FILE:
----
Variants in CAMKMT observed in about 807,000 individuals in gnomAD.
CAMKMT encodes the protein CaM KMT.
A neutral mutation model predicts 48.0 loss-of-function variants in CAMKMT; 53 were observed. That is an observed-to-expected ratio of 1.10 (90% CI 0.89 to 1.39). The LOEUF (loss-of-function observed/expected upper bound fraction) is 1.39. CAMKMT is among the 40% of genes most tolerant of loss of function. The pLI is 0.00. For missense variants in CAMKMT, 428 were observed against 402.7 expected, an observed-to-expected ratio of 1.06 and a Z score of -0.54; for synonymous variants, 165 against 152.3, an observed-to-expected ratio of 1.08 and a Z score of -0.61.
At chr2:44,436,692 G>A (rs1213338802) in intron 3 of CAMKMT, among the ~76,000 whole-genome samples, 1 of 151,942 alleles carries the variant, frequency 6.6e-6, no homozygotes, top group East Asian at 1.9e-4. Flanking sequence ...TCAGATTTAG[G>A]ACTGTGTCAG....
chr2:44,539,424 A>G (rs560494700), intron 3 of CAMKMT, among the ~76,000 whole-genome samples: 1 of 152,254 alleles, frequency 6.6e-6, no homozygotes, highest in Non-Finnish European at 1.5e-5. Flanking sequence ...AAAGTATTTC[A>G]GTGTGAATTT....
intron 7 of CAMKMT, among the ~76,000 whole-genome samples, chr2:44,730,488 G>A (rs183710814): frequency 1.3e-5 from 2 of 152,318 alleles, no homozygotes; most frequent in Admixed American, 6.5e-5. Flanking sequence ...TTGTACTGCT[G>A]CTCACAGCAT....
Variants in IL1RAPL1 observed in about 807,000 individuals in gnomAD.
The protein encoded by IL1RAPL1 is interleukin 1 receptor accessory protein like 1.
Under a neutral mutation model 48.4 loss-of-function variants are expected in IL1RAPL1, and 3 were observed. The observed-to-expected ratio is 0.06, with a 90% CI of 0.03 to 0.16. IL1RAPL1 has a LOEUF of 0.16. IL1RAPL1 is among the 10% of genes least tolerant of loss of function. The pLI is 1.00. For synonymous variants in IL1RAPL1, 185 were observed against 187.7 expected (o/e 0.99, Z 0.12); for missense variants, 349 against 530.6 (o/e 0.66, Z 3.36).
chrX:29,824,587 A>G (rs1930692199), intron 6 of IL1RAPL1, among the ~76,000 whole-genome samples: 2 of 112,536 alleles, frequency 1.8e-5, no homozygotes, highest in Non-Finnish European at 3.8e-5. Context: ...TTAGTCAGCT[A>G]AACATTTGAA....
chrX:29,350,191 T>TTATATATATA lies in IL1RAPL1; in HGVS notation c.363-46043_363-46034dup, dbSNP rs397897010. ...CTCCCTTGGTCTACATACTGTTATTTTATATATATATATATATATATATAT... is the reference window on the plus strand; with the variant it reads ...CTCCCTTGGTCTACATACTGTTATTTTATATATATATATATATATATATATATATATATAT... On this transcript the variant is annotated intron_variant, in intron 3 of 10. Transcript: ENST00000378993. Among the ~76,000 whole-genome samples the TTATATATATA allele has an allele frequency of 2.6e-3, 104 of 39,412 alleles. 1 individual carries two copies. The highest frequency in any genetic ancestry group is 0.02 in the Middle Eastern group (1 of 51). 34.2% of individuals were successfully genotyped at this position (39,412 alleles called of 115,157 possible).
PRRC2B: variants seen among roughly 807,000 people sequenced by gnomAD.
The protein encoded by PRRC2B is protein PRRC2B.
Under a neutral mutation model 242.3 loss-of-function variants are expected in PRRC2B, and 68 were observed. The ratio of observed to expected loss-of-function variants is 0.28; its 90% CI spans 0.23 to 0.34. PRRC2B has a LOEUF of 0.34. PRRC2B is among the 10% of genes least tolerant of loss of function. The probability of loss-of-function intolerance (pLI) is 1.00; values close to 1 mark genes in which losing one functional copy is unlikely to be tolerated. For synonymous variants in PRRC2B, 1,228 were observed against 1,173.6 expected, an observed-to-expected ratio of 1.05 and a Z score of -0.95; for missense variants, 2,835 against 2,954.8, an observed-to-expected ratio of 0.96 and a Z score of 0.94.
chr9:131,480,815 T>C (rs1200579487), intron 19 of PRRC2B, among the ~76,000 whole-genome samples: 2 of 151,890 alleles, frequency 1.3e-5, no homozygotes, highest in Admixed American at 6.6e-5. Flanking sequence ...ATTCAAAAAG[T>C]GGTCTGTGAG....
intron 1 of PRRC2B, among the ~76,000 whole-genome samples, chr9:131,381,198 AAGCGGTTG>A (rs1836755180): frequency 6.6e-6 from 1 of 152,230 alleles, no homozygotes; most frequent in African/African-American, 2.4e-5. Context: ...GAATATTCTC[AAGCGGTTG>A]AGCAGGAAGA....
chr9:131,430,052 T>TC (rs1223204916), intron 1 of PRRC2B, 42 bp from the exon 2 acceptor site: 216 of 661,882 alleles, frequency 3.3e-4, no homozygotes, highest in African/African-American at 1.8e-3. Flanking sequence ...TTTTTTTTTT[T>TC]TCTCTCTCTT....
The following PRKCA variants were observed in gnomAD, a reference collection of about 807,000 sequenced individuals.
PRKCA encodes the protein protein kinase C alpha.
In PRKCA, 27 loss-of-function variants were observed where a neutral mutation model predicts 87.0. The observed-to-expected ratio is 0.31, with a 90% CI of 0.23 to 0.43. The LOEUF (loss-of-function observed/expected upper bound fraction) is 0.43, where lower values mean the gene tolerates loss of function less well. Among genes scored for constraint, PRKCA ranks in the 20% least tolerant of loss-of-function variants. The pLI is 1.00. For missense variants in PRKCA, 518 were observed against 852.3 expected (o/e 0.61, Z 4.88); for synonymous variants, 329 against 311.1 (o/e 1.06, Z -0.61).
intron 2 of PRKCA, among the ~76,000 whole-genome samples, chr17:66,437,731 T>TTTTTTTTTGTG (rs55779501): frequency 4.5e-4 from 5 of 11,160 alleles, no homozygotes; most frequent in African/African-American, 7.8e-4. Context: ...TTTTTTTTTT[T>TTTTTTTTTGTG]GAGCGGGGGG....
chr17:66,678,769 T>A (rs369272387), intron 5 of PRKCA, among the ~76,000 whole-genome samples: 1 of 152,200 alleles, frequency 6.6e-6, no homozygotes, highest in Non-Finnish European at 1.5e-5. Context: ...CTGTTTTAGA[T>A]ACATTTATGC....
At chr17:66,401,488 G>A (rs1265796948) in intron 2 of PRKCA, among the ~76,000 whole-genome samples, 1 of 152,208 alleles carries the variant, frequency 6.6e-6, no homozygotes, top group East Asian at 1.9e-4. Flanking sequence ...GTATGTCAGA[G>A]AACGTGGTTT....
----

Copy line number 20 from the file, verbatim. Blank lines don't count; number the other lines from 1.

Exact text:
In PRKCA, 27 loss-of-function variants were observed where a neutral mutation model predicts 87.0. The observed-to-expected ratio is 0.31, with a 90% CI of 0.23 to 0.43. The LOEUF (loss-of-function observed/expected upper bound fraction) is 0.43, where lower values mean the gene tolerates loss of function less well. Among genes scored for constraint, PRKCA ranks in the 20% least tolerant of loss-of-function variants. The pLI is 1.00. For missense variants in PRKCA, 518 were observed against 852.3 expected (o/e 0.61, Z 4.88); for synonymous variants, 329 against 311.1 (o/e 1.06, Z -0.61).